shm_overview(7) — Linux manual page


shm_overview(7)     Miscellaneous Information Manual     shm_overview(7)

NAME         top

       shm_overview - overview of POSIX shared memory

DESCRIPTION         top

       The POSIX shared memory API allows processes to communicate
       information by sharing a region of memory.

       The interfaces employed in the API are:

              Create and open a new object, or open an existing object.
              This is analogous to open(2).  The call returns a file
              descriptor for use by the other interfaces listed below.

              Set the size of the shared memory object.  (A newly
              created shared memory object has a length of zero.)

              Map the shared memory object into the virtual address
              space of the calling process.

              Unmap the shared memory object from the virtual address
              space of the calling process.

              Remove a shared memory object name.

              Close the file descriptor allocated by shm_open(3) when it
              is no longer needed.

              Obtain a stat structure that describes the shared memory
              object.  Among the information returned by this call are
              the object's size (st_size), permissions (st_mode), owner
              (st_uid), and group (st_gid).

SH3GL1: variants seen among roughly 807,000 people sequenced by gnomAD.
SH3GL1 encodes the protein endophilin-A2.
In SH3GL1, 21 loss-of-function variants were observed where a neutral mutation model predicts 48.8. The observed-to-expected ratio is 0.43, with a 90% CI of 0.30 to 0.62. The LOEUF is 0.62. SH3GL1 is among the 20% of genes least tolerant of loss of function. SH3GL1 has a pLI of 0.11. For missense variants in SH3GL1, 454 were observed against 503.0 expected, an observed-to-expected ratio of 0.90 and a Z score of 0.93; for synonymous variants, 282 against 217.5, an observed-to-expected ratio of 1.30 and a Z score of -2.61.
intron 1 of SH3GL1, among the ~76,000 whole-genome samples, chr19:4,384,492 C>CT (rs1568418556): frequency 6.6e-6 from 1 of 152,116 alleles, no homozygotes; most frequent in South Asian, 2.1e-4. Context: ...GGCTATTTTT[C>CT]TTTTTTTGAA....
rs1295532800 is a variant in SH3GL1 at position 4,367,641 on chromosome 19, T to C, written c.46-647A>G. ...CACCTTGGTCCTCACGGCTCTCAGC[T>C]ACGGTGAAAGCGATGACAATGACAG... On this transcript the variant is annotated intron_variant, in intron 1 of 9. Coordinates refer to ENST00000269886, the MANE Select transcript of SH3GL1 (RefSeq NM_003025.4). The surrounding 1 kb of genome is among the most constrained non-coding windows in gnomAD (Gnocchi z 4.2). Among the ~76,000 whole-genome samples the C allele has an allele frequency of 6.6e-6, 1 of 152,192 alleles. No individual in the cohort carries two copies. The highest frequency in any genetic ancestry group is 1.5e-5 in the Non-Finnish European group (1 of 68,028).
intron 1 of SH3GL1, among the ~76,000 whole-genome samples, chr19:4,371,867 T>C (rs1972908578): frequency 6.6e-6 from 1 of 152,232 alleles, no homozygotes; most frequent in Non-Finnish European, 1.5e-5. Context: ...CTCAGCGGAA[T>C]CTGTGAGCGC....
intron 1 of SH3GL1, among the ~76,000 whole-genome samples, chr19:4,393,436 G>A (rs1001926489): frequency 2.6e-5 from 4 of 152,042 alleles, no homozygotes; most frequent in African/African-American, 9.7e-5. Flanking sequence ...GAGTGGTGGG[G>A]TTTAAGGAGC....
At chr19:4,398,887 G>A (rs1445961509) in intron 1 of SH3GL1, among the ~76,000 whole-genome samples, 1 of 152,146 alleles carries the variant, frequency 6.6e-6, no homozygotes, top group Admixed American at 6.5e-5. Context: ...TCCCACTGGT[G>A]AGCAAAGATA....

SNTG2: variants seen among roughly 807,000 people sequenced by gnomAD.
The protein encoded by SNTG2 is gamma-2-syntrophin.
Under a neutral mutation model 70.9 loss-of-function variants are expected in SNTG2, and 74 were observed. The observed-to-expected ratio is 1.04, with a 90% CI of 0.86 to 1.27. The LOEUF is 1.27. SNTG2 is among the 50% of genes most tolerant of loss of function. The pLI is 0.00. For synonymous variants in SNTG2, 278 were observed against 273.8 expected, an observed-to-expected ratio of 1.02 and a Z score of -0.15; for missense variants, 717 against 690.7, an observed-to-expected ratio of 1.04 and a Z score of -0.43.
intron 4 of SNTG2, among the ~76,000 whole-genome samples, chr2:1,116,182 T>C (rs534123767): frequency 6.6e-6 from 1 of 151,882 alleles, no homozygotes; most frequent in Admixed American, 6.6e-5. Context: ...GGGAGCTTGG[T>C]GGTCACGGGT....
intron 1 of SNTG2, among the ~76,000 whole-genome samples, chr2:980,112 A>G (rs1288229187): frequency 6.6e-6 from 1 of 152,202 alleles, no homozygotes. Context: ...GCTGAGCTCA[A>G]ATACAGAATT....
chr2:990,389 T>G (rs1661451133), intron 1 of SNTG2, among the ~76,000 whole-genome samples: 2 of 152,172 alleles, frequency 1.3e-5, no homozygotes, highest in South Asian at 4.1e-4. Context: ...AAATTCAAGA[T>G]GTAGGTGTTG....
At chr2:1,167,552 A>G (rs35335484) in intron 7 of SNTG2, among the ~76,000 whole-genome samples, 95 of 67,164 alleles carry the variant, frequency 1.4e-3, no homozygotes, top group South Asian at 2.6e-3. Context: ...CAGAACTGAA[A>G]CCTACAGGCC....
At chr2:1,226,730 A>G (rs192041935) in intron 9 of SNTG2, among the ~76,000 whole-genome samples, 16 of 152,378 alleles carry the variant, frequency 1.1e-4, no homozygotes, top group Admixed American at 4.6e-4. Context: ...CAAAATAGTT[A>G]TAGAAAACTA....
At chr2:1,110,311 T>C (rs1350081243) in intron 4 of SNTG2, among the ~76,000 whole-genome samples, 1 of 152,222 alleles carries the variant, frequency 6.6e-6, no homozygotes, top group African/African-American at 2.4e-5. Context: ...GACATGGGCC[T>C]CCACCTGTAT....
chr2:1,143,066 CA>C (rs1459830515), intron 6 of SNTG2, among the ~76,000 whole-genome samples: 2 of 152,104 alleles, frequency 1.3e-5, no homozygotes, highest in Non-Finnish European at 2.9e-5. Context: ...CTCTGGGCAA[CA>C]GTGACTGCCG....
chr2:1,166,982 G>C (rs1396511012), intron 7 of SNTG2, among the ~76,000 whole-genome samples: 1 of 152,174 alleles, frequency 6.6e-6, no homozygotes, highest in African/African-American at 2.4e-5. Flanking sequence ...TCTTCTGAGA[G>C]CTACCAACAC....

To change the ownership of a shared memory object.

              To change the permissions of a shared memory object.

       POSIX shared memory is supported since Linux 2.4 and glibc 2.2.

       POSIX shared memory objects have kernel persistence: a shared
       memory object will exist until the system is shut down, or until
       all processes have unmapped the object and it has been deleted
       with shm_unlink(3)

       Programs using the POSIX shared memory API must be compiled with
       cc -lrt to link against the real-time library, librt.

   Accessing shared memory objects via the filesystem
       On Linux, shared memory objects are created in a (tmpfs(5))
       virtual filesystem, normally mounted under /dev/shm.  Since Linux
       2.6.19, Linux supports the use of access control lists (ACLs) to
       control the permissions of objects in the virtual filesystem.

NOTES         top

       Typically, processes must synchronize their access to a shared
       memory object, using, for example, POSIX semaphores.

       System V shared memory (shmget(2), shmop(2), etc.) is an older
       shared memory API.  POSIX shared memory provides a simpler, and
       better designed interface; on the other hand POSIX shared memory
       is somewhat less widely available (especially on older systems)
       than System V shared memory.

SEE ALSO         top

       fchmod(2), fchown(2), fstat(2), ftruncate(2), memfd_create(2),
       mmap(2), mprotect(2), munmap(2), shmget(2), shmop(2),
       shm_open(3), shm_unlink(3), sem_overview(7)

COLOPHON         top

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Linux man-pages 6.9.1          2024-05-02                shm_overview(7)

Pages that refer to this page: intro(2)mmap(2)shmget(2)shmop(2)shm_open(3)tmpfs(5)sem_overview(7)sysvipc(7)